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Chapter

7

Prof Dr Z. A. Siddiqi

All the gravity or vertical loads acting on the building

trusses are first calculated in terms of the loads acting

per one square meter of the horizontally projected

area (plan area) having the units kg/m2, N/m2 or

kN/m2.

The wind loads are calculated per square meter of the

actual inclined roof surface in the same units.

Prof Dr Z. A. Siddiqi

Dead Loads

Dead load is the self weight of different components

of the structure itself.

Its magnitude and point of application does not

appreciably change with time.

Dead load on a truss will comprise of loads of roof

coverings, perpendicularly running beams (purlins),

connections, supporting elements (braces) and self

load of the truss.

Prof Dr Z. A. Siddiqi

Superimposed Loads

All the loads externally acting on the structure leaving

its own weight are called superimposed loads.

The expected maximum loads are called service loads

and the design loads for LRFD method are the loads

obtained after multiplying with the appropriate load

factors.

Live load, wind load, snow load and earthquake load

are all examples of superimposed loads.

Prof Dr Z. A. Siddiqi

The weights of various structural components per unit

plan area are as follows:

a

15 30

kg/m2

6 30

kg/m2

120

200

kg/m2

35 40

kg/m2

25 30

kg/m2

40 50

kg/m2

Insulation boards

58

kg/m2

Purlins

For slate roof

15 20

kg/m2

9 14

kg/m2

8 13

kg/m2

26

kg/m2 5

kg/m2

Bracings

Miscellaneous

Prof Dr Z. A. Siddiqi

57

a 4 m spacing of trusses and a pitch of 1/4 to 1/5 with

corrugated sheeting, weight per unit area of plan may

be taken as

Span in meters

kg m 2

be used

Thayer Formula

w L

0.50 kg / m 2

SProf Dr 8Z. .A.5Siddiqi

where

W = weight of truss (kg/m2)

w = Total load per horizontal plan acting on the truss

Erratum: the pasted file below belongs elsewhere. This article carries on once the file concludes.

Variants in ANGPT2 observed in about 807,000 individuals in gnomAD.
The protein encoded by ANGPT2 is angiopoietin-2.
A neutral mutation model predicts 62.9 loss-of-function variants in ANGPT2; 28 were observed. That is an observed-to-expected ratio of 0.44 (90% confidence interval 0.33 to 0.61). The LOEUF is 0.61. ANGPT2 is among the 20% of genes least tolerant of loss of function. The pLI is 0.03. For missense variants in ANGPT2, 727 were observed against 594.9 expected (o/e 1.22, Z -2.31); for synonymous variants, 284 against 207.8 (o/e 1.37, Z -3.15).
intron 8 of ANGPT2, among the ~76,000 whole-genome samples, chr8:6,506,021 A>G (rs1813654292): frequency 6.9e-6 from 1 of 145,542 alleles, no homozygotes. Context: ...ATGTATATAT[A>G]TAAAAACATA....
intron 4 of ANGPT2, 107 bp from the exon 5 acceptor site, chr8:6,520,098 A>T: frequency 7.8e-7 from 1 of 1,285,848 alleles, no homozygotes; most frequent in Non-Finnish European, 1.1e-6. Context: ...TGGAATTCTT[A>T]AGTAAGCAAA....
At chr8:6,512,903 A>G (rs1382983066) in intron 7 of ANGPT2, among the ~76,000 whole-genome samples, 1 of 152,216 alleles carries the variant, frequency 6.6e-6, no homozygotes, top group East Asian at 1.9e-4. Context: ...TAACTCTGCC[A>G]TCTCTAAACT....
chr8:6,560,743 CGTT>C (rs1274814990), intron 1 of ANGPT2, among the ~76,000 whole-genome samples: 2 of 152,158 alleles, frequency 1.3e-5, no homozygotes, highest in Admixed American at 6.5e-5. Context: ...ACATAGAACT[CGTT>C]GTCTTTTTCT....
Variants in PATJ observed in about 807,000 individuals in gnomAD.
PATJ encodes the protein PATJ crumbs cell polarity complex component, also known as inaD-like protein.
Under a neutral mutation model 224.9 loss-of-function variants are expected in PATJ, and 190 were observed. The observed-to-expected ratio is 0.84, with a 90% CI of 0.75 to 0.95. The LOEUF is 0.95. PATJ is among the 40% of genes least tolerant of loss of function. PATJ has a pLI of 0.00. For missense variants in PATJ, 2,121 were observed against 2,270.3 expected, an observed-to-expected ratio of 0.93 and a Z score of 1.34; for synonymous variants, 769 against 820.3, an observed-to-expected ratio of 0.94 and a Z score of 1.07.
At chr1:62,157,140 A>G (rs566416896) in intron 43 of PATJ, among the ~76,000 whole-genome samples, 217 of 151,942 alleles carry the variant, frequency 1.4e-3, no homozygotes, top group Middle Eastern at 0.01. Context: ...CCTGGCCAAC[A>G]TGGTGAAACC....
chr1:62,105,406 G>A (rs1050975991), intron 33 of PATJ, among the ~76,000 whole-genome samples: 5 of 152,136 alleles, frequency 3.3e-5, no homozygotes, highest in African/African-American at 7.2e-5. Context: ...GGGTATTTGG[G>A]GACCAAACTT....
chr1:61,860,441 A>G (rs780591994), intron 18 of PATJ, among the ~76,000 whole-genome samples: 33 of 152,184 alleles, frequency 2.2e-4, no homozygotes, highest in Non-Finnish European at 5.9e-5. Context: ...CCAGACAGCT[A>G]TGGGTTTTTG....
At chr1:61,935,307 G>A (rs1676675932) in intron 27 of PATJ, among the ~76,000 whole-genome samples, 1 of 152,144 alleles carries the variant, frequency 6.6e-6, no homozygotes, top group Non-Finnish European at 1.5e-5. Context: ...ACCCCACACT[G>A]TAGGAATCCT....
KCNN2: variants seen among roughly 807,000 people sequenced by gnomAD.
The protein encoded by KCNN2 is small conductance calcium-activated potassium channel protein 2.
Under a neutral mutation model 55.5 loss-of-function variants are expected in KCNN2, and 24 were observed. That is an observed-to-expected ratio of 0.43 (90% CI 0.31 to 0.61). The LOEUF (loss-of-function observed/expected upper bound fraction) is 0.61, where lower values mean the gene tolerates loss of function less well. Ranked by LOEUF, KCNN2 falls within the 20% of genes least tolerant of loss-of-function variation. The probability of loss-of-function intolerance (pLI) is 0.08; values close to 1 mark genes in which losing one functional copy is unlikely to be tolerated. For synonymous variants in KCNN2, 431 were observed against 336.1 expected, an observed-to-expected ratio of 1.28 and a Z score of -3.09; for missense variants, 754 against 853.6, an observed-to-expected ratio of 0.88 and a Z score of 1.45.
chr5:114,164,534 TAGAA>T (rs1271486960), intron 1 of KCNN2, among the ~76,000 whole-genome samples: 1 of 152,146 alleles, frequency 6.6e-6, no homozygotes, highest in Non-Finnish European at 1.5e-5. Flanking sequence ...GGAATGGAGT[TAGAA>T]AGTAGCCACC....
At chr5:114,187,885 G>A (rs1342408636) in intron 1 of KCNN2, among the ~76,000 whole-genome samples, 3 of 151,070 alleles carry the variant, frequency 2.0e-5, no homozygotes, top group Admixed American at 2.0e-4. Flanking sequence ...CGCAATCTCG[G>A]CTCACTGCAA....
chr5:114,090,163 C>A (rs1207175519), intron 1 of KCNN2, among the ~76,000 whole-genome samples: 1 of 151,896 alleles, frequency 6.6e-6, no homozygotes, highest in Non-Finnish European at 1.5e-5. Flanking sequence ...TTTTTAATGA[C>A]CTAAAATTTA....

(kg/m2)

S = spacing of truss (m)

L = span of the truss (m)

Prof Dr Z. A. Siddiqi

Snow Loads

Snow load is calculated according to maximum

expected depth of snow in a particular locality and

density of snow.

Maximum density of snow = 786 kg/m3

The density of snow significantly varies with the

amount of compactness.

Prof Dr Z. A. Siddiqi

The minimum live load for various situations is given

below:

100 kg/m2

200 kg/m2

for 10

for 10

(113-1.3) kg/m2

(143-2.8)kg/m2

60 kg/m2

when access to roof

for 10< 20

for 20< 30

for > 30

Prof Dr Z. A. Siddiqi

Wind Load

Windward side face towards wind

Leeward side face opposite to wind

Windward

side

Leeward

side

Wind Direction

Prof Dr Z. A. Siddiqi

10

where Ce is the combined height, exposure and gust

coefficient

In open areas and for height up to 10 m Ce= 1.25

10 to 20m Ce= 1.45

20 to 30 m Ce= 1.61

qs = wind stagnation pressure at st. height of 10 m.

= 0.0475V2 (N/m2)

where V= basic wind velocity in km/h

Iw= 1.0 for ordinary buildings

Prof Dr Z. A. Siddiqi

11

P = 1250 Cq (N/m2)

for V=145 km/h and height up to 10m in open areas

Value of Pressure Coefficient (Cq)

Windward roof = 0 to 9.5Cq = 0.7 outward (-)

9.5 to 37 Cq = 0.9 outward or

0.3 inward (+)

37 to 45

>45

0.4 inward

0.7 inward